• The festival of saints will be going unabated until November 2, the Day of the Dead, with the major peak from July 15 to July 30 in celebrations taking place in several cities of the republic -- Our Lady of Mount of Carmel in Saut d’eau on July 16, St Marguerite in Port Margot on July 20, St Jacques on July 25 in La Plaine du Nord, St Anne in Limonade on July 26 and St Mary the Magdalena on July 29 in Marmelade. Those fiestas -- a mixture of Catholic and voodoo ritual -- bring devotees in a pilgrimage that is unique to Haiti and reminiscent only of the medieval era when the early Christians were building cathedrals at the dimension of the Good Lord’s majesty.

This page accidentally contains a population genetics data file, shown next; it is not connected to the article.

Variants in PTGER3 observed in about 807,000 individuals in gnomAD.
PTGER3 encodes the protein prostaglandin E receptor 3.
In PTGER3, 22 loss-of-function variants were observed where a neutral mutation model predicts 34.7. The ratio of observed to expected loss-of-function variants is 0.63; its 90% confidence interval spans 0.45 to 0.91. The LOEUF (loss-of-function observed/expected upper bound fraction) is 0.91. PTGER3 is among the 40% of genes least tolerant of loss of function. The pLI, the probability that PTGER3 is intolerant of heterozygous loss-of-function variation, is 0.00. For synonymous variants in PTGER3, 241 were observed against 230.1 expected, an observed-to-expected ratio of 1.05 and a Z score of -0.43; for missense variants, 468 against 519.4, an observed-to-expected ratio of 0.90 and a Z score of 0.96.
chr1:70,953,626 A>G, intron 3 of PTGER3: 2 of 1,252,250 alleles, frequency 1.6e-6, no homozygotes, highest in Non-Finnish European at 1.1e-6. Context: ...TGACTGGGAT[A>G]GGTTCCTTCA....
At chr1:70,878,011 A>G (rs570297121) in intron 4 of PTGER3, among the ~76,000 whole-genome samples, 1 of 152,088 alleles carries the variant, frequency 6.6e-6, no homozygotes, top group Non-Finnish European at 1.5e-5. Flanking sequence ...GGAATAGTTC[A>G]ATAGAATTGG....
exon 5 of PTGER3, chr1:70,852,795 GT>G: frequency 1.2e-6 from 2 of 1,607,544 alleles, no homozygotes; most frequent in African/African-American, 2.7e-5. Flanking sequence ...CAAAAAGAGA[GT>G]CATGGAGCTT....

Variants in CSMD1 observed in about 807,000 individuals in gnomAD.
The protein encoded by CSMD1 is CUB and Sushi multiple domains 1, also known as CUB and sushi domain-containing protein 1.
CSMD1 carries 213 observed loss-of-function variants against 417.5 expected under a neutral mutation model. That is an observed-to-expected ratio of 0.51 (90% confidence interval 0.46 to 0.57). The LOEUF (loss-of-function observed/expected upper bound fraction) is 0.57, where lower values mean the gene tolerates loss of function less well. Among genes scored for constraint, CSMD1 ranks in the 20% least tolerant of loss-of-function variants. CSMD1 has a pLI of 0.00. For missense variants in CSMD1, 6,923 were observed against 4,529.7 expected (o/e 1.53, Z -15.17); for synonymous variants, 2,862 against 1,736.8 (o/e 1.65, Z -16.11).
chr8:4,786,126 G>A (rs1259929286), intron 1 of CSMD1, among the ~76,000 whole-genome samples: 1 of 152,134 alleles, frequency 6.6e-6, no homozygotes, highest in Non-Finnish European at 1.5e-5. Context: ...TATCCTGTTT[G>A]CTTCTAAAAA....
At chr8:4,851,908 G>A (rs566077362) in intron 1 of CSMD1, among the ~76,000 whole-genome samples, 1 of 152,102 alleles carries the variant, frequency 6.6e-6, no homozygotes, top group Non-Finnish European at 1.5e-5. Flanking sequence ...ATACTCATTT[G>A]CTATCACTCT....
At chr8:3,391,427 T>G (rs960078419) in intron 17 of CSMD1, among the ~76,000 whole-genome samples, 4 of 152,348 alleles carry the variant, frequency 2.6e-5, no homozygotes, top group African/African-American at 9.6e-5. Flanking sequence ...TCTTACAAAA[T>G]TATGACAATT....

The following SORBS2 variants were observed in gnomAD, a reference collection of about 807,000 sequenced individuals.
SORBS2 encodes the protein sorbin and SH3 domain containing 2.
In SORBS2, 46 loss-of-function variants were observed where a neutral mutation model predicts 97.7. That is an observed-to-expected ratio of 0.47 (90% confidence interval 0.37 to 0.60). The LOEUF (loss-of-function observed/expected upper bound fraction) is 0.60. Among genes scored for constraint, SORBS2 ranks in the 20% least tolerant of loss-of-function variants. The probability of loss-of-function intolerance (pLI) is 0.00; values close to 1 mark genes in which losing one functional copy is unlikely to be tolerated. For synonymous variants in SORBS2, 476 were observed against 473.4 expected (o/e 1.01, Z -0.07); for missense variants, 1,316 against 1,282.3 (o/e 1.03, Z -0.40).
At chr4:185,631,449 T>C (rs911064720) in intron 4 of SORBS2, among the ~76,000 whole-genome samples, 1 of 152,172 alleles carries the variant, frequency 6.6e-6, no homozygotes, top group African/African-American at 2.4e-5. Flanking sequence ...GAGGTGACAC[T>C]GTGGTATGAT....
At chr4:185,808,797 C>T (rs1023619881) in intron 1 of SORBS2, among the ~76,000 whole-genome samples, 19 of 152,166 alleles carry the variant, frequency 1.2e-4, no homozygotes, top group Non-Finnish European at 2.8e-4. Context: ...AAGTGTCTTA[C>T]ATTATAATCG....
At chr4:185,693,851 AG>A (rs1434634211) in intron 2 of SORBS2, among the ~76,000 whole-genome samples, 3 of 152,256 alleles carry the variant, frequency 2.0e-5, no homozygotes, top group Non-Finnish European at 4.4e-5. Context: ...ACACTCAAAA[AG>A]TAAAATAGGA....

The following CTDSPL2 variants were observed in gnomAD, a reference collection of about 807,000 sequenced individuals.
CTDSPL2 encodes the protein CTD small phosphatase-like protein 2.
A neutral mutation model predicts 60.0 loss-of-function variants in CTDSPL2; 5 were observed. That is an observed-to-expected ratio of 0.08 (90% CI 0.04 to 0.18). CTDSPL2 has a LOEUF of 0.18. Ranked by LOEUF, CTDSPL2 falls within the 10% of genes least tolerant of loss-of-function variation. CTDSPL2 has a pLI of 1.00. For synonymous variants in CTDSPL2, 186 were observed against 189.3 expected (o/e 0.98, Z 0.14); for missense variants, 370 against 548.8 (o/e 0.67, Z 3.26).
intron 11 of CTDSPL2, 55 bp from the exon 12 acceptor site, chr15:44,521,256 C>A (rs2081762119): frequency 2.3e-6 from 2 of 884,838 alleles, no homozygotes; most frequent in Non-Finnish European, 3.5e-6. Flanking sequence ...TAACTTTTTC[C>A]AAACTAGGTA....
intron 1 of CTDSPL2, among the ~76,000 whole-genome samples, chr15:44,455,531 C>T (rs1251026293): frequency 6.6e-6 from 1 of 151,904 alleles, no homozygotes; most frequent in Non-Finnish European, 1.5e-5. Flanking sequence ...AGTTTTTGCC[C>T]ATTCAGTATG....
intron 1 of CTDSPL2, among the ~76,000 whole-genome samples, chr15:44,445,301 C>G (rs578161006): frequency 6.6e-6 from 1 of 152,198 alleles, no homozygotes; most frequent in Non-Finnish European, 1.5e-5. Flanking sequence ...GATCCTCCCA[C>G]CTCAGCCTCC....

• We are in November where the Day of the Dead is celebrated in Haiti as in Mexico or Greenwich Village, New York, as a communion day where the living bring food and liquor to appease the soul of the dead from the rigors of purgatory, praying God to let them enter into Paradise.
There are two major events worth mentioning -- the Artisanat en fetes
taking place on November 11; it is a unique fair of art and décor of Haitian artists inviting the world not only to admire Haitian artistic vitality but also filling your bags with gifts not seen in stores for the Christmas season.
We are coming back to Noel and the end of the year but remember Haiti starts the Jazz Festival season taking place in the very first week of the month of January.
Here is a canvas filled with captivating sights that is unique to Haiti that should be dubbed the Bali of the Caribbean if only she and the rest of the world were aware of those assets!